Well the rain has tested my drain digging efforts and happily they’ve not been found wanting…
Which is just as well as I’ve certainly done more digging of holes than flying lately.
Last week’s annual leave was mainly spent jumping up and down ineffectually on spade and fork and, in extreme cases, pickaxe! But at least now we do have a hangar floor and not a paddling pool.
Most of this was done during the spell of perishingly cold, dry, windy weather which would take the skin right off you face – I got home one night after doing post holes with my hair full of blown postcrete dust and convinced than the moment I stepped in the bath to boil my poor aching bones I’d have a very permanent set…
Slabs have been laid but we’ve some more of that to do to make ourselves a little ‘patio’ for pulling of the aircraft – then we need to figure out how to join that onto the hill… At the moment the poor little machine has to get up a step first which takes three people.
There are compensations though – after one particular day’s slog, the wind finally dropped and there was the most glorious, still sunset to take off into and twirl around the deserted beach with never a ripple from the Welsh to Devon shores or climbing high to fly steep, tight turns that bounce us off our own wake.
We’ve had lots of help too. From friends popping up to help dig who’ve worked like troopers, to those from the already completed hangars further up the hill fetching down cups of tea, to the shared labour with the hangar-next-door there’s been a lovely community feel about the whole affair.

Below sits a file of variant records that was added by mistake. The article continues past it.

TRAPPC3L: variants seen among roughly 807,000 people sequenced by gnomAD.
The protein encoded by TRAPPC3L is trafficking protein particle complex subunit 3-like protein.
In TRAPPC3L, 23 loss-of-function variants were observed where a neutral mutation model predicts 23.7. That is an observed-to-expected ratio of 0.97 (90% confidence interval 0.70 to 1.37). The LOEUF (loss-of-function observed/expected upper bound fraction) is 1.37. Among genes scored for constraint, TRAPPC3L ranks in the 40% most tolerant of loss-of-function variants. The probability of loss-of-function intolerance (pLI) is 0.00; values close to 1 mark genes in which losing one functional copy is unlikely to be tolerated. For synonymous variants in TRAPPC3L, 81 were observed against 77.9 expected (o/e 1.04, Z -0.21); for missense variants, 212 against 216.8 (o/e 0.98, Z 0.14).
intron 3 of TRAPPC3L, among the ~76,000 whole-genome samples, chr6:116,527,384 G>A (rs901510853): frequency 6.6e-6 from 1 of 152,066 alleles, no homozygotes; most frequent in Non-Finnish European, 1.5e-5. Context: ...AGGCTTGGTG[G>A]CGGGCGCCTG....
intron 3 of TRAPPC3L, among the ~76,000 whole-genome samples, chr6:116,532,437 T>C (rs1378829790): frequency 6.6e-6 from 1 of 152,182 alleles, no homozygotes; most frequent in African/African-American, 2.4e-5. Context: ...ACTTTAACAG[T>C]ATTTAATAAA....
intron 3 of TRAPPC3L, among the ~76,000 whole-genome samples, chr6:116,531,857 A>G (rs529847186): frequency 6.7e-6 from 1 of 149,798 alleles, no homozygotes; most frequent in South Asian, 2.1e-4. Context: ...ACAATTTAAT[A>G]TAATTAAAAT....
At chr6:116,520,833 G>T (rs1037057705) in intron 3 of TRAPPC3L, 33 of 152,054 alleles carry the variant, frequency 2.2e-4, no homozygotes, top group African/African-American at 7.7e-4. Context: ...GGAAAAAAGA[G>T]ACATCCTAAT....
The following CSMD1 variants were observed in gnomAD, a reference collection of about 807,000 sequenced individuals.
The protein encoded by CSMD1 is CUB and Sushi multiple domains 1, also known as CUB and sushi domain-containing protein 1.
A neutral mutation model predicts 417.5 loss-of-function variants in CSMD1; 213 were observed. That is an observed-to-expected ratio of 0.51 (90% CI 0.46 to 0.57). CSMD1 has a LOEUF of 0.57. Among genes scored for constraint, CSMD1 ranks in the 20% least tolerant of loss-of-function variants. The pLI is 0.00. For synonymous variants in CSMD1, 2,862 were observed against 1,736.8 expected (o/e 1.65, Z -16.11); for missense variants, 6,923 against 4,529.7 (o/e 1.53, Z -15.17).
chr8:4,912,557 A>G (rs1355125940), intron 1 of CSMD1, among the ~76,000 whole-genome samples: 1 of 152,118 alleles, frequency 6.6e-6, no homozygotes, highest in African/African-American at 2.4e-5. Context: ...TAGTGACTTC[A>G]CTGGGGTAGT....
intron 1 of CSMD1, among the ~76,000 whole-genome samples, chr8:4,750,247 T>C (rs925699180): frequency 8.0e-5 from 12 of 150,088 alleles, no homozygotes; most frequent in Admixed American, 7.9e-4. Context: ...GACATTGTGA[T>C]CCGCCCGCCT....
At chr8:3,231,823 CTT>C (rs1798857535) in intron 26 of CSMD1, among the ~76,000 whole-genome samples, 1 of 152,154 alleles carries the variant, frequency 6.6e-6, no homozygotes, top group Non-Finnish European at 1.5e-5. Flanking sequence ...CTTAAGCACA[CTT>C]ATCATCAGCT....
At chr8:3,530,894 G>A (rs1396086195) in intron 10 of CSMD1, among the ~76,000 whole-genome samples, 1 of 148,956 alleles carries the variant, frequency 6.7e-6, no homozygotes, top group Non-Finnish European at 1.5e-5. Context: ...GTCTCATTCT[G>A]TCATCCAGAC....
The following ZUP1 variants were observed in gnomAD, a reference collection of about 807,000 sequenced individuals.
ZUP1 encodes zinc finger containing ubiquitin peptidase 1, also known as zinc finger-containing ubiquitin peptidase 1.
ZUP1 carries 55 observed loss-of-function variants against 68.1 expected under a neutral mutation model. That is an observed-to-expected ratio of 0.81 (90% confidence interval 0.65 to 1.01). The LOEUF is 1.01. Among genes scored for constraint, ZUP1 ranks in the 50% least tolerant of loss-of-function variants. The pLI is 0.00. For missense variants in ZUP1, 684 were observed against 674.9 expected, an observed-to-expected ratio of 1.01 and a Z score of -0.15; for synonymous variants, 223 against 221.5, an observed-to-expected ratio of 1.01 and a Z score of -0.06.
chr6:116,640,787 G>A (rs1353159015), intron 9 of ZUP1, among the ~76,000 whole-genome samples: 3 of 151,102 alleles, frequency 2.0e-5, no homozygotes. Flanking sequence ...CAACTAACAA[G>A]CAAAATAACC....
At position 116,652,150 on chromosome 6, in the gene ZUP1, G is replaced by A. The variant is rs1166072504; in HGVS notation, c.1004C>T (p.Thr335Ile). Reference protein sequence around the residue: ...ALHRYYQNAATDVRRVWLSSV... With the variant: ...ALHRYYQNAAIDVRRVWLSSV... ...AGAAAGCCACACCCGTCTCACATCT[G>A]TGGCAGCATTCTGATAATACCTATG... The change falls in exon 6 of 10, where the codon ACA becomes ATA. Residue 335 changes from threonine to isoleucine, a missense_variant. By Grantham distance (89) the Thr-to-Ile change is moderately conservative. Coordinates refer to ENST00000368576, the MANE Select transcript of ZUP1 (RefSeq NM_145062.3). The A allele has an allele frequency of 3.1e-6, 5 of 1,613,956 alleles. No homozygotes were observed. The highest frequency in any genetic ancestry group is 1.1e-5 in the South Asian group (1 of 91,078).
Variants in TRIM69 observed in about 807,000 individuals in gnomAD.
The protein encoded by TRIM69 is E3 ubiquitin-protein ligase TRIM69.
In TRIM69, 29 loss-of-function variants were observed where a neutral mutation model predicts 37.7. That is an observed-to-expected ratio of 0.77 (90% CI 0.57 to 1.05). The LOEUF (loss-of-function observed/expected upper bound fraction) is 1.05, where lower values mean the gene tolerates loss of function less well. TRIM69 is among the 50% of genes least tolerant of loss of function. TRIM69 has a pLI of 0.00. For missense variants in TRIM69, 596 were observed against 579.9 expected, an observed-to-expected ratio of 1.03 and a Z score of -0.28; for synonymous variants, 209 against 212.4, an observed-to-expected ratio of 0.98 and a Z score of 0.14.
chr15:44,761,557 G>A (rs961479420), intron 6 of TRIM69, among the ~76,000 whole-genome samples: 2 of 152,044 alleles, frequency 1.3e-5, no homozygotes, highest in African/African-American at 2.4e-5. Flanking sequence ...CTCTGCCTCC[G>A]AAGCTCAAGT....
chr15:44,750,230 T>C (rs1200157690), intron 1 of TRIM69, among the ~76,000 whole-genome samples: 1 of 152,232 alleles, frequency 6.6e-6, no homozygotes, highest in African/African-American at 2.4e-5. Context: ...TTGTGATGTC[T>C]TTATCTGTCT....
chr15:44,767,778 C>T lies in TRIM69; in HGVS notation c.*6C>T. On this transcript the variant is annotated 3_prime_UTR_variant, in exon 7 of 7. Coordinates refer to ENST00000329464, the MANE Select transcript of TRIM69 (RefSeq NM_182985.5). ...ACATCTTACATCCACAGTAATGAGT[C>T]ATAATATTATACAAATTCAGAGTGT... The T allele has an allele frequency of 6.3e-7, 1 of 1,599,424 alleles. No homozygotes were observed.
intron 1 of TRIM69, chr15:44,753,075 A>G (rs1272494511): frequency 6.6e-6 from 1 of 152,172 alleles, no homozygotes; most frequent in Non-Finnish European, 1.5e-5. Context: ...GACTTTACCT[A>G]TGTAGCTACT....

And while we dug and sawed and drilled, Nick prepared the aircraft for her permit renewal.
The following day, with Nick not available, it was the first time I’d started the aircraft alone and, bar forgetting to switch the auxiliary electrics on (spotted because the water temp really ought to have come up by now oughtn’t it…) it was all very straightforward even with my utter lack of experience operating two stroke engines.
The permit itself was a quite, quite different affair from what I was used to over in the CoA world – a few hours scrutiny and a short to-do list.
Where was the massive bill? Where were the tiny parts that cost a fortune in labour and paperwork? What was this “Sort that, that and that and I’ll fly it and sign it off’?
I’m liking this microlighting business… 😉
Not so much the wind and rain that have presented that check flight mind you, but on the whole!
We did the immediate to-dos (a perished exhaust mount we’d missed, a coolant bottle bracket we knew about but had hoped would pass, a length of spi-wrap we’d forgotten to rewrap after dealing with the battery cables a while ago).
A push to the hangar building front was those items on the list which are a symptom of being outdoors – wear to the trailing edges of the wings from the covers, the whisper of the start of corrosion here and there.
Back to it!